News and Blogs

Organ Donors - The Last Gift

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Deathcare.com
January 10, 2011
Whether or not to become an organ donor is something most people will consider in their lifetimes. However, that decision may not always be made before death. At that point, it is left up to the family of the deceased.
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The Early Christian Way of Death

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Obit Magazine
December 21, 2010

Some 2,000 years ago, ... death itself was, if not always heroic, at least a communal event, very much influenced by environment and ancestry. The earliest Christians who began as Jews, for instance, tended to bury their dead swiftly, as had their forefathers. But they also adopted a fair number of practices of the ancient Romans, who honored their dead by gathering at a cemetery. There family mourners ate and drank, always making sure to leave a dining place for the recently departed.
Last Updated ( Monday, 10 January 2011 21:06 ) Read more...
 

Giving the Bad News

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Obit Magazine
August 25, 2009
Let's imagine you are diagnosed with a terminal illness. And you have, say, just one or two years left to live. Or less. Do you want your physician to deliver the news to your face? And if so, when? And how? .....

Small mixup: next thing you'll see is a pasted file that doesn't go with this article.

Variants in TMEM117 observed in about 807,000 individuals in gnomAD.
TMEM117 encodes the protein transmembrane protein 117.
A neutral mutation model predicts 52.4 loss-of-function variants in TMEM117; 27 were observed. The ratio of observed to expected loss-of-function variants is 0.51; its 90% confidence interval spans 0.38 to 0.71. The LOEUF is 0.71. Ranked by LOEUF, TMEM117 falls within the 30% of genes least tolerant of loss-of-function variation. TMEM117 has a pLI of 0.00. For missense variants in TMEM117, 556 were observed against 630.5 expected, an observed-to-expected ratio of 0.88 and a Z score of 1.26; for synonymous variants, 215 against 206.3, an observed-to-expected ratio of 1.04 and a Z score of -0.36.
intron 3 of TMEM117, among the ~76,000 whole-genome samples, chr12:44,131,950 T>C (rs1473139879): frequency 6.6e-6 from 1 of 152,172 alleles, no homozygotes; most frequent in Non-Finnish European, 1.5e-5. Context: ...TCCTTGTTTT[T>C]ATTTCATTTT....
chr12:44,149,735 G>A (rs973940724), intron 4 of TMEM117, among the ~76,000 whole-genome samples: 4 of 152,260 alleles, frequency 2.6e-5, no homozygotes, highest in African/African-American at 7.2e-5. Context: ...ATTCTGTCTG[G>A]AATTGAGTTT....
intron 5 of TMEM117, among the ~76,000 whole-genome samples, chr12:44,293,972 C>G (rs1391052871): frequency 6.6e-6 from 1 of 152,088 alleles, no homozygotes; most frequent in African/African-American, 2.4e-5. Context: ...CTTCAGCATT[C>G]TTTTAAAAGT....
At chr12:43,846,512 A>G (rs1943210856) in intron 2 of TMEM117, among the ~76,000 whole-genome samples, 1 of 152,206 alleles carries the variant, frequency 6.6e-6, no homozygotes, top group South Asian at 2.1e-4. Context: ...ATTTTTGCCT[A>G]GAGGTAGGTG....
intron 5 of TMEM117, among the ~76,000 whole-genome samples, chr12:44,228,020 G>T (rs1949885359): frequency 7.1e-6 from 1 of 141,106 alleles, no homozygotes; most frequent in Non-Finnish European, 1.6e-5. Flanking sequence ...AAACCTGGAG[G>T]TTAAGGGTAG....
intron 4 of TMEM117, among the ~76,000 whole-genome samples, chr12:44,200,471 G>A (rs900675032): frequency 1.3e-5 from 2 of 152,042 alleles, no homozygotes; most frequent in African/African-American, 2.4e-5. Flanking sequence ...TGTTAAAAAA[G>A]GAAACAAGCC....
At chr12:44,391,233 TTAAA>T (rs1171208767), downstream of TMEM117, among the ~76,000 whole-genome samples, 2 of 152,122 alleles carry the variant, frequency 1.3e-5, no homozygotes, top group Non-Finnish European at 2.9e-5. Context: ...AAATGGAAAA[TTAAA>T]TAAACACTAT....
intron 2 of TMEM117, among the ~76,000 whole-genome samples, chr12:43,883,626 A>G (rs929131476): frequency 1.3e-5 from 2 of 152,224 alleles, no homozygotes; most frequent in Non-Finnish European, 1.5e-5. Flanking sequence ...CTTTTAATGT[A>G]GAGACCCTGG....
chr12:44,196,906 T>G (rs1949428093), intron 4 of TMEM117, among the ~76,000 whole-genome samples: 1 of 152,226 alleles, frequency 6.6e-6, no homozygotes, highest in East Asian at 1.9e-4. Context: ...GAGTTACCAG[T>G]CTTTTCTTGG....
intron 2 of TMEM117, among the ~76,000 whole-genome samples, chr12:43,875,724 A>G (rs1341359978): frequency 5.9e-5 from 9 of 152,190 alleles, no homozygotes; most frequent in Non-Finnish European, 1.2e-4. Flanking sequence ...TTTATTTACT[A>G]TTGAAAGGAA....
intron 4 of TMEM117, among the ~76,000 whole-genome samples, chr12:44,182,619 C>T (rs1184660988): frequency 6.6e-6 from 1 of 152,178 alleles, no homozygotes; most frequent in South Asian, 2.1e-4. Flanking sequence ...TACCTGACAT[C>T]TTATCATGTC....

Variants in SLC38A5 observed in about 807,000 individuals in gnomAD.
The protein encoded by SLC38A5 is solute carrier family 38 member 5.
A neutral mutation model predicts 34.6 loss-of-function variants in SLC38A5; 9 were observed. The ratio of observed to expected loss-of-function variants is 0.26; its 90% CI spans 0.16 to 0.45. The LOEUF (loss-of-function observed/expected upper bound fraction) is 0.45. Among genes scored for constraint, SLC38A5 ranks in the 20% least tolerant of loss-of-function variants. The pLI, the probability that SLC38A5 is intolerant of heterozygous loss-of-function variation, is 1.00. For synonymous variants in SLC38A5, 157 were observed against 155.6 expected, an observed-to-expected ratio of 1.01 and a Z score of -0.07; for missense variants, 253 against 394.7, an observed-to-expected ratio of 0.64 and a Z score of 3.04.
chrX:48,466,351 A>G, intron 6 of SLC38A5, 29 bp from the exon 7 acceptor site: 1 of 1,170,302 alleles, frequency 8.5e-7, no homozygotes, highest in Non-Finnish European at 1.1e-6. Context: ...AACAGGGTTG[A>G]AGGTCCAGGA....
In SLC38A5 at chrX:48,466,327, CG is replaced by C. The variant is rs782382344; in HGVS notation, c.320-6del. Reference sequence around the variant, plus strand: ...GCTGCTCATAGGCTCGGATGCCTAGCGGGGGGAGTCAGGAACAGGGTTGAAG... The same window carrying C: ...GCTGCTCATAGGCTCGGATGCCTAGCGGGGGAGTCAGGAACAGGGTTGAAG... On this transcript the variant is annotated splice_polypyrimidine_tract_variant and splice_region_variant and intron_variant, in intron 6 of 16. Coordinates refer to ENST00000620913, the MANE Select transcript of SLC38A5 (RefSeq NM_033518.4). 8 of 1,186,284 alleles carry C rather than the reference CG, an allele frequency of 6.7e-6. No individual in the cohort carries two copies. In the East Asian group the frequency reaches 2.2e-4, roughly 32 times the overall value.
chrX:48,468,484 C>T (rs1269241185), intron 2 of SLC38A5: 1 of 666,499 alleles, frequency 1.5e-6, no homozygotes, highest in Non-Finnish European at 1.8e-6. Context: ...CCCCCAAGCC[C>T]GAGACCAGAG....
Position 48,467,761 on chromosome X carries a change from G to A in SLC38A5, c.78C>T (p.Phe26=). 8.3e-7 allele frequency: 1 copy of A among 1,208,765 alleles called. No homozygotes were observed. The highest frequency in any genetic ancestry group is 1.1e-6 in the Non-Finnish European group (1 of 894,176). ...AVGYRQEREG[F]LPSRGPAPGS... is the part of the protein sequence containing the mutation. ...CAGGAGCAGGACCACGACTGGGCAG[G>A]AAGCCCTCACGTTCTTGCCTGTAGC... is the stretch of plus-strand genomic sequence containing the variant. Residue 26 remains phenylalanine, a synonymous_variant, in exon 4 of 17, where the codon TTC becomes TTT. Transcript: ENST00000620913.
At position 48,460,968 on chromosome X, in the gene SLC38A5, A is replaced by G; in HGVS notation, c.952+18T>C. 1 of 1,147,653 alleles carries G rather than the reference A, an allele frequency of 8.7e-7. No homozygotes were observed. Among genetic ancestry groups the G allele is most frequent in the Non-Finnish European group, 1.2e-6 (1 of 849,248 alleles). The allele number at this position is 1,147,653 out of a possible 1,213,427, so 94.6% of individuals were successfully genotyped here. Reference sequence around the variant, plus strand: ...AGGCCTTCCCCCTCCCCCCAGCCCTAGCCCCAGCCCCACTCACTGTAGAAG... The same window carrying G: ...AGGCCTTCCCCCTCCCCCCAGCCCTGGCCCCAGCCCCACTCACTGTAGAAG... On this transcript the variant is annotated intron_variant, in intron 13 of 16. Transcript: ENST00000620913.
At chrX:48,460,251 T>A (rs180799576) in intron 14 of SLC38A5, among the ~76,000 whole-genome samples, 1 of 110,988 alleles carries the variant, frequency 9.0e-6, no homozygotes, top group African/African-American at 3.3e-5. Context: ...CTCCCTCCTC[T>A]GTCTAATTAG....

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A Full Measure of Devotion

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Obit Magazine
May 12, 2009

Would you, could you, say goodbye to a deceased family member by washing the body, laying it on a bed of dry ice - perhaps, like in old-timey Westerns, on the kitchen table right where the breakfast dishes were - gather the proper burial documents and dig a suitable hole?

More and more baby boomers in the United States are asking themselves that question lately, say members of the do-it-yourself (DIY) home funeral movement, which began about two decades ago.
Read the full article in the Obit Magazine
 

More couples finding out funeral home facilities can make great wedding chapels

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Indianapolis Star
Jan 10, 2011

Paulita and Tony Flores took their vows in an elegant rotunda with marble floors amid glimmering chandeliers and a bubbling fountain.

It didn't bother them that a room down the hall showcased caskets and urns. Or that the building was surrounded by a cemetery with 100,000 gravestones on 60 acres. Or that on other days, the facility hosts something a lot more somber -- funerals.
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